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Launch of school food pantries to support local communities

Staff at two schools in North Yorkshire are supporting local communities, parents and pupils to help cope with the cost-of-living crisis by running food pantries.

Greatwood Community Primary and Nursery School in Skipton and Glusburn Community Primary School in Glusburn are working closely with North Yorkshire Council’s Healthy Schools Team as part of a pilot programme to provide sustainable and affordable food supplies to help the increasing number of families facing financial pressures.

The headteacher of Greatwood Community Primary and Nursery School, Jonelle Yeoman, explained that she first had the idea in the wake of the Covid-19 pandemic when communities were sharing food, daily necessities and facing new food insecurity challenges.

The Healthy Schools Team helped link her up with the Craven Food Partnership and FareShare to provide a weekly food delivery of surplus supermarket food to help launch the Greatwood Grocery.

The pantry, which is open on a Tuesday, launched six weeks ago and is going from strength-to-strength.

“We’ve had an amazing response with more and more families visiting each week,” she said. “We are thankful for a monetary donation from the Rotary Club of Skipton Craven which helped to kickstart this project. Skipton is an affluent town, however, there are families who are living in poverty and this is our way of giving back. We are not a foodbank, we are here for the community for them to have a chat, share recipes to prepare healthy and cost-effective meals and buy essentials at reduced prices.

“We are a sustainable school and we grow our own produce – we grow our fruit and vegetables and have our own chickens and ducks supplying eggs on a daily basis. “However, we do rely on donations from local supermarkets and local families who have supported this worthwhile project.”

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Mrs Yeoman added: “This is a not-for-profit initiative and therefore what we make from the sale of groceries is used to purchase more supplies. Anyone from the community can buy 10 items for £5. In our pantry we stock fresh fruit and vegetables, store cupboard favourites such as rice, cereal, soup, pasta, canned vegetables, biscuits, long-life packed food as well as toiletries and cleaning products.”

North Yorkshire Council’s director of public health, Louise Wallace, said: “It’s a real boost to see the school pantries supporting families with sustainable and affordable food. Thank you to the staff, pupils, volunteers and to the kind people who have donated.”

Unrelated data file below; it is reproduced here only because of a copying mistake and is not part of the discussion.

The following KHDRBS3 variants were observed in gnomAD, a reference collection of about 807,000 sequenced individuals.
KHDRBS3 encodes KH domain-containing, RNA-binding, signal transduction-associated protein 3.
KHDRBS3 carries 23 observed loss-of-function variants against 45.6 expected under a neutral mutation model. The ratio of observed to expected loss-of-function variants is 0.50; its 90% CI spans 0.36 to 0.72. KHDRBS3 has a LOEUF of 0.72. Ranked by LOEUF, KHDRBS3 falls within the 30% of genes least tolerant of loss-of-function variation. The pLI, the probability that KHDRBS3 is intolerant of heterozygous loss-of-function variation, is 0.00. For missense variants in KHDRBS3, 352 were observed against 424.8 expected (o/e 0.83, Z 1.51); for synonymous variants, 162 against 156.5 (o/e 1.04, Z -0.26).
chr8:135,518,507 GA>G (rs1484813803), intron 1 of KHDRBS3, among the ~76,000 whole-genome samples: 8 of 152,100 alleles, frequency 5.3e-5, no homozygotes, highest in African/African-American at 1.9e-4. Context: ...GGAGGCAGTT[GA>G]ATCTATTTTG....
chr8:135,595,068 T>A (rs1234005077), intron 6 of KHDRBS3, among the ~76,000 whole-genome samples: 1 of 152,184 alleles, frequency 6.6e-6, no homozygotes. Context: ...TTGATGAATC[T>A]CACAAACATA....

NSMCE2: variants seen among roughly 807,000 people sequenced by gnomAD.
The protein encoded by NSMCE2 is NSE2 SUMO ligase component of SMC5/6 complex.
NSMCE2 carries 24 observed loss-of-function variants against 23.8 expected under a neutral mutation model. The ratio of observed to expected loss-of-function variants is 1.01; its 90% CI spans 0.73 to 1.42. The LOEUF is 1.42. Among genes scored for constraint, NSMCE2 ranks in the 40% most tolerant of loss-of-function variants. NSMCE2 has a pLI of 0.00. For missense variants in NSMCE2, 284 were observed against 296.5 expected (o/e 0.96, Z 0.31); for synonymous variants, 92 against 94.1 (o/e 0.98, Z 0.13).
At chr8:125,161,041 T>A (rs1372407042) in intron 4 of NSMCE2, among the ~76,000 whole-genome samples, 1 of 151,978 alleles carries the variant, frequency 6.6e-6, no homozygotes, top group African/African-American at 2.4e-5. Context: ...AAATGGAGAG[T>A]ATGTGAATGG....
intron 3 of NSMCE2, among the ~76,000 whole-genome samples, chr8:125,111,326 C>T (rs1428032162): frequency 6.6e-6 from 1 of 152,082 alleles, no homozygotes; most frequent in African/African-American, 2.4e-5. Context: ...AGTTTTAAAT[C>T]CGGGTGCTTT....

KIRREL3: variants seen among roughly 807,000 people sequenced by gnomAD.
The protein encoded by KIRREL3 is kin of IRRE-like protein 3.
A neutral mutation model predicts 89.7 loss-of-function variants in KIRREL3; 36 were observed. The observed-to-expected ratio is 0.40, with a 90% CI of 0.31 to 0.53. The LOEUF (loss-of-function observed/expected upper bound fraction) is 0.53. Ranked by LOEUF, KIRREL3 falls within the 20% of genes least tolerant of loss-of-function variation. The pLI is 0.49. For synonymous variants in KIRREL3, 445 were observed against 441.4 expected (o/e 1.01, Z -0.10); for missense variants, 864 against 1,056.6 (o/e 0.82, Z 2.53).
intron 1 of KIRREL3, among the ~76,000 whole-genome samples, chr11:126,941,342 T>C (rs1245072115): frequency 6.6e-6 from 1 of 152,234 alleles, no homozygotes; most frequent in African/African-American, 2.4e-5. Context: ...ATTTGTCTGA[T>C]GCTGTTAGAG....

Meanwhile, there is a similar set-up at Glusburn Community Primary School. The school’s staff joined forces with the Healthy Schools team who introduced them to Rethink Food to establish a food pantry for families and school staff, redistributing surplus supermarket food for a small charge. This stops the food from going to waste and helps support customers with a good value weekly shop. Each weekly delivery is stacked on the food pantry trolley by pupils who enjoy arranging the produce into an enticing display.

A core of five to 10 families visit the food pantry each week with others popping in from time to time. The school’s staff are hoping to expand their range of food and would love to eventually serve the wider community too.

Mother-of-three Jade Robinson, who lives in Glusburn and regularly shops from the pantry, said: “It’s a wonderful scheme which reduces food waste and saves money. It has been a huge blessing this past year when things have been tighter and the cost of living is extortionate.” 

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The school’s headteacher, Katie Smith, said: “The pantry is primarily run by members of our school ambassador team and school council. They have the responsibility of pricing up the products on sale as well as being on hand to offer support and receive payment when families visit the pantry. This provides a great opportunity to develop a wide range of skills and experiences such as confidence and responsibility.

“North Yorkshire Council’s initial start-up funding of the scheme at our school has been fundamental in providing these opportunities this year and we will look to develop this over the coming years.”

More information about the Healthy Schools programme or if a North Yorkshire school wishes to set up their own food pantry is available via email at

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